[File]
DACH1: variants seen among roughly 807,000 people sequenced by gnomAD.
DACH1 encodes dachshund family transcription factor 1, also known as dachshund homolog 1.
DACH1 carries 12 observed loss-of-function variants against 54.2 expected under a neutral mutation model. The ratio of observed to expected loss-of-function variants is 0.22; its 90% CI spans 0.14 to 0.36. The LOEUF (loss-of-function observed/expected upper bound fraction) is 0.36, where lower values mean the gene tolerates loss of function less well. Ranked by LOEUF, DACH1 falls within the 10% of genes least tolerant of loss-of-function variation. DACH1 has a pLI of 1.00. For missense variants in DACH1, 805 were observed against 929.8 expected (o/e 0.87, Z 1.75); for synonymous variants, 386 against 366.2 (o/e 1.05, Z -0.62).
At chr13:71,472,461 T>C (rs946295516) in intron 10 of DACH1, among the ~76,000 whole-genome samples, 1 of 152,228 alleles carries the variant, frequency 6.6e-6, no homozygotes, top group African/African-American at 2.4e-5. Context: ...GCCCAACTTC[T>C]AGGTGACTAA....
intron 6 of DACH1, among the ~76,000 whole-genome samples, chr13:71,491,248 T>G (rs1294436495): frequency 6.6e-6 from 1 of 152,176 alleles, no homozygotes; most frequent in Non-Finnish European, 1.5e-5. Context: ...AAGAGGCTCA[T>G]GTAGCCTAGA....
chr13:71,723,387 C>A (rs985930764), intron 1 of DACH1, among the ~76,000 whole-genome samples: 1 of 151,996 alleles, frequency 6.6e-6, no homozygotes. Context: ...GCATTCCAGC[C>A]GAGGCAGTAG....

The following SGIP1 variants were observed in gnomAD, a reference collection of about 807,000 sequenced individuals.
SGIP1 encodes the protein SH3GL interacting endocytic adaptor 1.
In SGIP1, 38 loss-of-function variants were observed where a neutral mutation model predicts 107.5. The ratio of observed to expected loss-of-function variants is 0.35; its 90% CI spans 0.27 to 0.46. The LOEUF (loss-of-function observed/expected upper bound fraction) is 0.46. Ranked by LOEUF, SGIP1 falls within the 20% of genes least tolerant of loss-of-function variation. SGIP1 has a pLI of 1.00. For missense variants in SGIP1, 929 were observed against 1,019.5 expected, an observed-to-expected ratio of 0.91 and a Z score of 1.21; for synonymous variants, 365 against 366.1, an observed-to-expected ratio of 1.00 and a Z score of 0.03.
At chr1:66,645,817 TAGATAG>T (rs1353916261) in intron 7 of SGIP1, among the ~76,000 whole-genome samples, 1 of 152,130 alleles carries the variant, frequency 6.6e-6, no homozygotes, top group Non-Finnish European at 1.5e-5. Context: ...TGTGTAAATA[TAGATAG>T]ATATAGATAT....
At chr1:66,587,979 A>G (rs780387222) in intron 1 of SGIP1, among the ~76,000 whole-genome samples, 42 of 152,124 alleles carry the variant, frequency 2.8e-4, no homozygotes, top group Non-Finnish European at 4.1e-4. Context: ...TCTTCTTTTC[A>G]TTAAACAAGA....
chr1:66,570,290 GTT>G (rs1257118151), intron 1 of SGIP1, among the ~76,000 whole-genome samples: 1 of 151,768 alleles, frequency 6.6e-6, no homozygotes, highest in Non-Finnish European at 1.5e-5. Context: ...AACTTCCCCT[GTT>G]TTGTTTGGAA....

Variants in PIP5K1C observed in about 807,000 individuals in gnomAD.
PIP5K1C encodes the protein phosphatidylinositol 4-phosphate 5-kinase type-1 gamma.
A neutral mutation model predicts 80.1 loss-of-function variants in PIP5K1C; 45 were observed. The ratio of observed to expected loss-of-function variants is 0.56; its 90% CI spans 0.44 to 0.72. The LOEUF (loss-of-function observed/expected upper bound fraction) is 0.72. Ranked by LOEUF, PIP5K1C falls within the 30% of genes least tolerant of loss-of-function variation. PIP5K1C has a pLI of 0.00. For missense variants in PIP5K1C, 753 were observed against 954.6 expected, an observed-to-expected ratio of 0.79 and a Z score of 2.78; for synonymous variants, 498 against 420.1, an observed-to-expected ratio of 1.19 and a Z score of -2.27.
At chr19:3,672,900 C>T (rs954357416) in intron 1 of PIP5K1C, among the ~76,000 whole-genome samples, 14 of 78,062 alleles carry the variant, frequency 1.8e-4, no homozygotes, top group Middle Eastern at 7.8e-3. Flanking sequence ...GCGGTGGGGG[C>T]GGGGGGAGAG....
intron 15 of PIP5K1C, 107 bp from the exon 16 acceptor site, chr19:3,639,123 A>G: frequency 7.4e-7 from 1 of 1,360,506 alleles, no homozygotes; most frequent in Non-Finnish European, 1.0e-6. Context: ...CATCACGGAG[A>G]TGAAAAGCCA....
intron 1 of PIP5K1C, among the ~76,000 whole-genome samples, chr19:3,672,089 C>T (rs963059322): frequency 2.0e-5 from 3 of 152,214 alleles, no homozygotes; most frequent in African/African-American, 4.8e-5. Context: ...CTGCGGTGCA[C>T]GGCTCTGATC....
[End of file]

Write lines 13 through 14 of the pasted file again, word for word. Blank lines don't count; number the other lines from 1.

Variants in PIP5K1C observed in about 807,000 individuals in gnomAD.
PIP5K1C encodes the protein phosphatidylinositol 4-phosphate 5-kinase type-1 gamma.